Review: Hamilton on Disney Plus is as good as at-home theatre gets

Thanks to COVID-19 there is no theatre in the world at which you can see Hamilton right now and on this basis alone, Disney is onto a winner.

The musical has been the hottest and most expensive ticket everywhere it has opened since 2015, so shelling out $9.99 for a month of Disney Plus is an undeniable bargain.

For superfans, the thrills will start right from the opening Disney castle sequence. The rest of you might be wondering what all the fuss is about.

The musical's eponymous protagonist is Alexander Hamilton, the guy on the United States $10 bill who worked alongside the country's first President George Washington and who established, among other things, the country's first central bank.

He's of no relation to the namesake of our city of the same name, Captain John Hamilton, although both men are controversial - more on that later.

The show's creator Lin-Manuel Miranda utilised a range of musical styles from hip-hop and rap through to traditional Broadway, and the show became nothing short of a cultural phenomenon, universally praised for its exceptional performances and non-traditional casting of people of colour in the lead roles.

Director Thomas Kail and his team have done an exceptional job of filming the stage production, featuring the original Broadway cast, for the screen. 

Hamilton the musical on Disney Plus.
Photo credit: Disney Plus

For theatre regulars, there's a slight adjustment required in surrendering your gaze to the filmmakers, but the trade-off is an experience almost as rich as spending your life savings on a front row seat.

The film also makes good use of non-theatrical perspectives. The shots from upstage and above the stage are rare gems utilised to breathtaking effect.

Editing also ramps up the humour and tension in key songs. Look out for 'Satisfied', already a theatrical triumph, now taken to a sublime new level.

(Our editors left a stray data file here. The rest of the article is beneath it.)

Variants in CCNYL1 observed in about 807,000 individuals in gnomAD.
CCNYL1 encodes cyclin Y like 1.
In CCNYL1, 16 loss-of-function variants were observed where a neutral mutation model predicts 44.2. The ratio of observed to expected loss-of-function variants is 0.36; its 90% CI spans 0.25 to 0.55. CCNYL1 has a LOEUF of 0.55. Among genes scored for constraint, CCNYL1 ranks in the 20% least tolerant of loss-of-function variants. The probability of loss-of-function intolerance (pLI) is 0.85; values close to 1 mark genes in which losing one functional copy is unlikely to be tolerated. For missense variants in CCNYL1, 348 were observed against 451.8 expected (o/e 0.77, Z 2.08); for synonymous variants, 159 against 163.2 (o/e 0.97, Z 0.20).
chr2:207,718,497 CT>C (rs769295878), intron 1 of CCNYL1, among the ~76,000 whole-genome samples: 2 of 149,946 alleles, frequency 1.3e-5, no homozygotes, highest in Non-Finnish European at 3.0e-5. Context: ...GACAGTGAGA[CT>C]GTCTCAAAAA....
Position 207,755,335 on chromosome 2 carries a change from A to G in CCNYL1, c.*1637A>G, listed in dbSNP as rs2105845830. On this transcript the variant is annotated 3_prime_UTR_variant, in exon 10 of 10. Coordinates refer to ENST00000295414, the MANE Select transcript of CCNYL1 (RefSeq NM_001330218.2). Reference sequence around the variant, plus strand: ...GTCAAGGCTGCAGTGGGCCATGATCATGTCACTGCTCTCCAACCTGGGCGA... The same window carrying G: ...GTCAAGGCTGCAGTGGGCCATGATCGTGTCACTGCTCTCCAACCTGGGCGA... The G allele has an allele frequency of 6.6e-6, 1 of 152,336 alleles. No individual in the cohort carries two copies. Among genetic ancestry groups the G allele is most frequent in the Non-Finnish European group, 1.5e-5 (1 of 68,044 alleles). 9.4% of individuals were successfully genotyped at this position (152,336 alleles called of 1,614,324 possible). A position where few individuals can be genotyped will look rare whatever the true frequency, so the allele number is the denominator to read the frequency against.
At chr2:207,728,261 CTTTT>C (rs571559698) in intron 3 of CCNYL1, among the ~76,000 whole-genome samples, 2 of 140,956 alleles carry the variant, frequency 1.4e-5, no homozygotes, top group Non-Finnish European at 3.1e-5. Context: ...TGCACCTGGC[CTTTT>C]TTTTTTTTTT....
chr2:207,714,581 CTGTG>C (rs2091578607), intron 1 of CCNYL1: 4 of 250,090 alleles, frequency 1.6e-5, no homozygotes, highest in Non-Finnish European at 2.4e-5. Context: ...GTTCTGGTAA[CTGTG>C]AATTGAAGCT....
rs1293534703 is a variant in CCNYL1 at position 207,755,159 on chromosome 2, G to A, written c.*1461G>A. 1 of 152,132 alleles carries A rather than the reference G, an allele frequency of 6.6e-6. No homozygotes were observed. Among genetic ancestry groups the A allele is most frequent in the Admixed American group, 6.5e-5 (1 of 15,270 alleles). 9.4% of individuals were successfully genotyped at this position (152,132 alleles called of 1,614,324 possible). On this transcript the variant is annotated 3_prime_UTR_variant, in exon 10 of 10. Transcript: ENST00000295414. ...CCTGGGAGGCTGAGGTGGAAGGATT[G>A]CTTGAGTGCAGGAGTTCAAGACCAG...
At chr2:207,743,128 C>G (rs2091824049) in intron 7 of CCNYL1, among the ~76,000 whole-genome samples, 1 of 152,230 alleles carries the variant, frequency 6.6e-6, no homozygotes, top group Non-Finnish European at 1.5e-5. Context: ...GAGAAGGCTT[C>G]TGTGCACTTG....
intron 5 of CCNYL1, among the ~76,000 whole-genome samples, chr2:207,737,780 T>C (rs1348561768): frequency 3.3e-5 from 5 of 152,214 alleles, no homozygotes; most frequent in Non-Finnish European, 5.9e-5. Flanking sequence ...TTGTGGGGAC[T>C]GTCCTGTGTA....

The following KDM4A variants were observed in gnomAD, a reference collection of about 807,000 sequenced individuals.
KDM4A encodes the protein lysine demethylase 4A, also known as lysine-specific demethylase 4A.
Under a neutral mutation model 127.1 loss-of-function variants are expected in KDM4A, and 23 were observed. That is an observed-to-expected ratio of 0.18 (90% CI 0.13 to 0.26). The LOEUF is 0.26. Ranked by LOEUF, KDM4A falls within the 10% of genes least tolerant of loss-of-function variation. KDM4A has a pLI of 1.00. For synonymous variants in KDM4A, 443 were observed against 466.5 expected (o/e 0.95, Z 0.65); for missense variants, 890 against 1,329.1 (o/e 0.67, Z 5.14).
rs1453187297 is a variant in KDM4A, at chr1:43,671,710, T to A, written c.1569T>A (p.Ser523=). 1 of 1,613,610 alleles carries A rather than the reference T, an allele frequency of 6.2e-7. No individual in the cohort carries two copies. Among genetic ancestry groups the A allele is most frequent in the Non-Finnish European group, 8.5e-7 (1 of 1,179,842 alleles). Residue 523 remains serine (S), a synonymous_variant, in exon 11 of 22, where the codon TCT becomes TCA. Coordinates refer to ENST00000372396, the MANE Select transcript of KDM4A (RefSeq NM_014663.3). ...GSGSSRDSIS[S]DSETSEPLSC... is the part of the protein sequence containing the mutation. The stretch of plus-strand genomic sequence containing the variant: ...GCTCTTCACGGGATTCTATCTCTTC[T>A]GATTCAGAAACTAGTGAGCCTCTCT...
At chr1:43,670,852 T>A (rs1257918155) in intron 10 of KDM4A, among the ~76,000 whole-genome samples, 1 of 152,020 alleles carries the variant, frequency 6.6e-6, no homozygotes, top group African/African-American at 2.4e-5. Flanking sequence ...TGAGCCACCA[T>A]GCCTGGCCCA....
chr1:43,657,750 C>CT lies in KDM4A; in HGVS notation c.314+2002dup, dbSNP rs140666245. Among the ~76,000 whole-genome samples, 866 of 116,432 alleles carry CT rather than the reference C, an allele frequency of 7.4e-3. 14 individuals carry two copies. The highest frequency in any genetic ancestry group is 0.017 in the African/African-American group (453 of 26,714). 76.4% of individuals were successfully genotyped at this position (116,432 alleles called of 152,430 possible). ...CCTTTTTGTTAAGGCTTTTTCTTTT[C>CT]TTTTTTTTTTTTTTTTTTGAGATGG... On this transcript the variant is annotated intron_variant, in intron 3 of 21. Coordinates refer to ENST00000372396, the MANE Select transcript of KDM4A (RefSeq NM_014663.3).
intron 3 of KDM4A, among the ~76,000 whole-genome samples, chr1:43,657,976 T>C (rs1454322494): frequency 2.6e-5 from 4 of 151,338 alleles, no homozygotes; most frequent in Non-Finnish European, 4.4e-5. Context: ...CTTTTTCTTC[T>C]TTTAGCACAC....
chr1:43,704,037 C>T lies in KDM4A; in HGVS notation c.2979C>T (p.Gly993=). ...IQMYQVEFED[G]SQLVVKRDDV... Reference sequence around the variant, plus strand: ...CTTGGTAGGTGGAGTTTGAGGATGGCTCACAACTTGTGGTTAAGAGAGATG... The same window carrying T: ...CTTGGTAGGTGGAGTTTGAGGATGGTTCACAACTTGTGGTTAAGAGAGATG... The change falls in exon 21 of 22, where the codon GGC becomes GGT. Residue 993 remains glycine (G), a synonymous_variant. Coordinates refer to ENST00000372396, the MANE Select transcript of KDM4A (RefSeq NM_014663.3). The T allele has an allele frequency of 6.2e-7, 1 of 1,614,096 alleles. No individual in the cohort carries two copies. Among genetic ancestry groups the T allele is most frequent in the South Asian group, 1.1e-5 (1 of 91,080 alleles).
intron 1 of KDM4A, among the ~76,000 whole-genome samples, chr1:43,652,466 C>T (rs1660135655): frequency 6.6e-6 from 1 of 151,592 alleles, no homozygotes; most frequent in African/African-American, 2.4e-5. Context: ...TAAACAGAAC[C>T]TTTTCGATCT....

Andy Blankenbuehler's swirling, exacting choreography shines, although occasionally the ensemble effect is sacrificed in favour of a tighter shot.

The audio has been beautifully recorded and mixed. Those intimately familiar with the cast recording will find this version - appropriately - much more live, dynamic and ambient. 

However, it may also make you realise how terrible your TV speakers are. I recommend experimenting with its audio settings, or watching with some good headphones if you don't have a decent sound system connected to your tele.

Especially if you're unfamiliar with the material, you'll want to give Hamilton your full attention - particularly for when the ingenious double-casting kicks in during the Second Act.

Hamilton in the context of Black Lives Matter

It cannot be ignored that Hamilton is being released into a vastly different political and social climate than when it first appeared on stage in 2015.

Then, America's first black president was still in power. The musical's diverse cast and embrace of black music styles were seen as a triumph and an inspiration, a way for marginalised people to reclaim history by taking on the roles of white men.

It's now essential to approach the text with a more critical eye.

Lin-Manuel Miranda's Hamilton is now on Disney Plus in New Zealand.
Photo credit: Disney Plus

Here are a few things to consider:

  • Slavery is not ignored in the musical - in fact, its abolition is expressly called for. However, certain aspects are glossed over, for example the fact George Washington and the Schuyler sisters' father Philip both owned slaves.
  • There is evidence Hamilton himself, whilst publicly denouncing slavery, was also involved in slave trading for a time. This is not mentioned, although Hamilton is far from presented as a flawless protagonist.
  • There is no explicit mention of the racial division that existed at the time (although immigrants are celebrated), and no featured Black or Native American characters.

To me, none of this makes Hamilton irrelevant or damaging. The context into which it is released now adds even more layers to an already complex text and strengthens the cry of its iconic refrain: History has its eyes on you. 

Finally I want to say - as sublime as this work is, watching a recording of a show will never replace the experience of going to the theatre. 

In New Zealand we are so fortunate our venues are able to put on shows again; go and support your local theatre company and high school. We need them as much as they need us.

It will be at least 2021 before anyone can watch Hamilton live again. Until then, the small screen experience will leave you feeling more than satisfied.